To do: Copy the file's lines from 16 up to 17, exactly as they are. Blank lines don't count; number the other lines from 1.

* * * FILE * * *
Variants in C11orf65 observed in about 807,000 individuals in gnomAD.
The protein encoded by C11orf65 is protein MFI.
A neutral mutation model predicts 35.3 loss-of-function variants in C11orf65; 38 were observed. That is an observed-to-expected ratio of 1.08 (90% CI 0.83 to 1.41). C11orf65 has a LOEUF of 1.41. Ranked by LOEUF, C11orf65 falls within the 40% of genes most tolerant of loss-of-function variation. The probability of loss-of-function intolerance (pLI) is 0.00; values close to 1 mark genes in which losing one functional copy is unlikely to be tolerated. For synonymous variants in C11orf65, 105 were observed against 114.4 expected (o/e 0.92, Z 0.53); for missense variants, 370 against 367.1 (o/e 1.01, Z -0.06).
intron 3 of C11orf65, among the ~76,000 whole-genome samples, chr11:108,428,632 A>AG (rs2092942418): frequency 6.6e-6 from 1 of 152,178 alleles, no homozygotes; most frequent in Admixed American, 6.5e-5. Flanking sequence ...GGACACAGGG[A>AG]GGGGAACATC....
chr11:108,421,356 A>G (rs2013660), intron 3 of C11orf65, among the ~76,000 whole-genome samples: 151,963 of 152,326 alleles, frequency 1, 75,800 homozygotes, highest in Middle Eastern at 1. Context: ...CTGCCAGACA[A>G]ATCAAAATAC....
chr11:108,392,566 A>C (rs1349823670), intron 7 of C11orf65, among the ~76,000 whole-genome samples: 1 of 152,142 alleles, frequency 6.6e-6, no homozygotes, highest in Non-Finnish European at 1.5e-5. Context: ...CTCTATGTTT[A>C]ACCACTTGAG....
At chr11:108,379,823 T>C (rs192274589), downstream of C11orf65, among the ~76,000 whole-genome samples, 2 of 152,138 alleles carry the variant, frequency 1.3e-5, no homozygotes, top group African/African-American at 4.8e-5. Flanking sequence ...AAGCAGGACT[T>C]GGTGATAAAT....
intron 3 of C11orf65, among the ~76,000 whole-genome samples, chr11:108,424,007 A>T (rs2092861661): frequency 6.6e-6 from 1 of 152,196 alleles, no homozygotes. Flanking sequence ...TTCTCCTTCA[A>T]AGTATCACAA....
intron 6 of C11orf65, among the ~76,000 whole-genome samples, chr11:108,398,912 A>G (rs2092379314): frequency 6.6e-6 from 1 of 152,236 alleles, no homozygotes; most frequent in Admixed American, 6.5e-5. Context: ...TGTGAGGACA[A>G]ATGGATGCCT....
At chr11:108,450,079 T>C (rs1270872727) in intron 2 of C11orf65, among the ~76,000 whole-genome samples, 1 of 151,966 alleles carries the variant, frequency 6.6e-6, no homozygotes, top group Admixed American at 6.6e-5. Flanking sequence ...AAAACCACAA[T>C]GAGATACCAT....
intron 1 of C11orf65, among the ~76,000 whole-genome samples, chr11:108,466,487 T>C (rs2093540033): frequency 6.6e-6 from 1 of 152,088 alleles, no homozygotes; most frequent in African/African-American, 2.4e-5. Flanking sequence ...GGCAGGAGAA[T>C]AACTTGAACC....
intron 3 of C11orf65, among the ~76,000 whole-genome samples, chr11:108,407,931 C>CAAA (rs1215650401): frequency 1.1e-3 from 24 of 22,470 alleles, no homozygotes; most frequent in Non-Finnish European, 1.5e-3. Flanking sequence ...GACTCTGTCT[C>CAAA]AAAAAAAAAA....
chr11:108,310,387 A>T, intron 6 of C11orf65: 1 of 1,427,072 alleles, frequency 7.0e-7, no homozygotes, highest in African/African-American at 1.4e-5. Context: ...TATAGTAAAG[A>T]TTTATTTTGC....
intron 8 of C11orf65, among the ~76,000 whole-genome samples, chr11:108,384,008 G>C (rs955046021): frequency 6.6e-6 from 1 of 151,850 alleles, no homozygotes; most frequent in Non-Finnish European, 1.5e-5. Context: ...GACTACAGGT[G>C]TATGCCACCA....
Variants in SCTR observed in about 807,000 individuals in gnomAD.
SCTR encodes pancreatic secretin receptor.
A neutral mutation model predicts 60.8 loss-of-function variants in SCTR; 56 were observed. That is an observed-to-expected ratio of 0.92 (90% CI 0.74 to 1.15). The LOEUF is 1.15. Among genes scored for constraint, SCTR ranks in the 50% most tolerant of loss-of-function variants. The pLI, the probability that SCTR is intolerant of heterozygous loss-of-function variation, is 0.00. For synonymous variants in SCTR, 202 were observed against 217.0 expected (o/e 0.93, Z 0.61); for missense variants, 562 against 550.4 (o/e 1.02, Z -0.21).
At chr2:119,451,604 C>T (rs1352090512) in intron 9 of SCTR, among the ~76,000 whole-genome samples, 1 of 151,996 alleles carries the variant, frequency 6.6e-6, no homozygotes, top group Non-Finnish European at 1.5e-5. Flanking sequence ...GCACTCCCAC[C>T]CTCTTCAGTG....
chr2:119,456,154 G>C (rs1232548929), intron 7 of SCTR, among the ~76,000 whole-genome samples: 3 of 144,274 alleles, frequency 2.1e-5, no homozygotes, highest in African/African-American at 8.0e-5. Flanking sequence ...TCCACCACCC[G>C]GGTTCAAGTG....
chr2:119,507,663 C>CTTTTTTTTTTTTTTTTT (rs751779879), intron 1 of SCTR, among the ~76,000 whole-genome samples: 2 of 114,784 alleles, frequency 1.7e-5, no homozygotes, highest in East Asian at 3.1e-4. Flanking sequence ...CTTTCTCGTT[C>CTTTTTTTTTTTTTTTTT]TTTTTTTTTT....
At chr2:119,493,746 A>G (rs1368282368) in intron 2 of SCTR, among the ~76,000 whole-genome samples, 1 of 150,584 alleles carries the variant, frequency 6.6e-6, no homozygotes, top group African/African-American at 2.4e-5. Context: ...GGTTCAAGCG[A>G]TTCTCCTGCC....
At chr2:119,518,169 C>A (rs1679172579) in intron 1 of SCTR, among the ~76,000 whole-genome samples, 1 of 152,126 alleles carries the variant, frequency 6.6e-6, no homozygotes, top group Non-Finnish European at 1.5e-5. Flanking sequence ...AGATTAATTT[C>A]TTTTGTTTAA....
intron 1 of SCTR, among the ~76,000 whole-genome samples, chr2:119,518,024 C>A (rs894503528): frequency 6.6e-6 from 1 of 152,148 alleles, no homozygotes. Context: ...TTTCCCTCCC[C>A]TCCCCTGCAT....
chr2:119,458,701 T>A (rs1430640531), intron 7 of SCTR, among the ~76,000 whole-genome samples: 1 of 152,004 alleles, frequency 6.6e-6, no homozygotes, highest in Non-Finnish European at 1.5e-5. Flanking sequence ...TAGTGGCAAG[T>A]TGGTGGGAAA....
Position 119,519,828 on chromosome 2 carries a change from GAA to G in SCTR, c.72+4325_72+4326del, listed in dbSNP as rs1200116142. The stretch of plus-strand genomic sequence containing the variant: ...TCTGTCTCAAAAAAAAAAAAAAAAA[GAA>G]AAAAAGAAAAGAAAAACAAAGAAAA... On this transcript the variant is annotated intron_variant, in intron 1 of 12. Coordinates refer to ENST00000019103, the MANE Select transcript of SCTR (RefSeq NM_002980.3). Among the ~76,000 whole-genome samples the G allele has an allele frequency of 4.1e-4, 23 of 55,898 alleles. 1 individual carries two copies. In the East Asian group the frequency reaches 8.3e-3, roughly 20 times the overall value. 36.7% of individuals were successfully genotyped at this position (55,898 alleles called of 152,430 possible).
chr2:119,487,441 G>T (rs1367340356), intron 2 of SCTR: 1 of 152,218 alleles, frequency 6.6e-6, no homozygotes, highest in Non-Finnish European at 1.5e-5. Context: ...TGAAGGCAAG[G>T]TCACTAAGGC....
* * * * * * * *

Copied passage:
SCTR encodes pancreatic secretin receptor.
A neutral mutation model predicts 60.8 loss-of-function variants in SCTR; 56 were observed. That is an observed-to-expected ratio of 0.92 (90% CI 0.74 to 1.15). The LOEUF is 1.15. Among genes scored for constraint, SCTR ranks in the 50% most tolerant of loss-of-function variants. The pLI, the probability that SCTR is intolerant of heterozygous loss-of-function variation, is 0.00. For synonymous variants in SCTR, 202 were observed against 217.0 expected (o/e 0.93, Z 0.61); for missense variants, 562 against 550.4 (o/e 1.02, Z -0.21).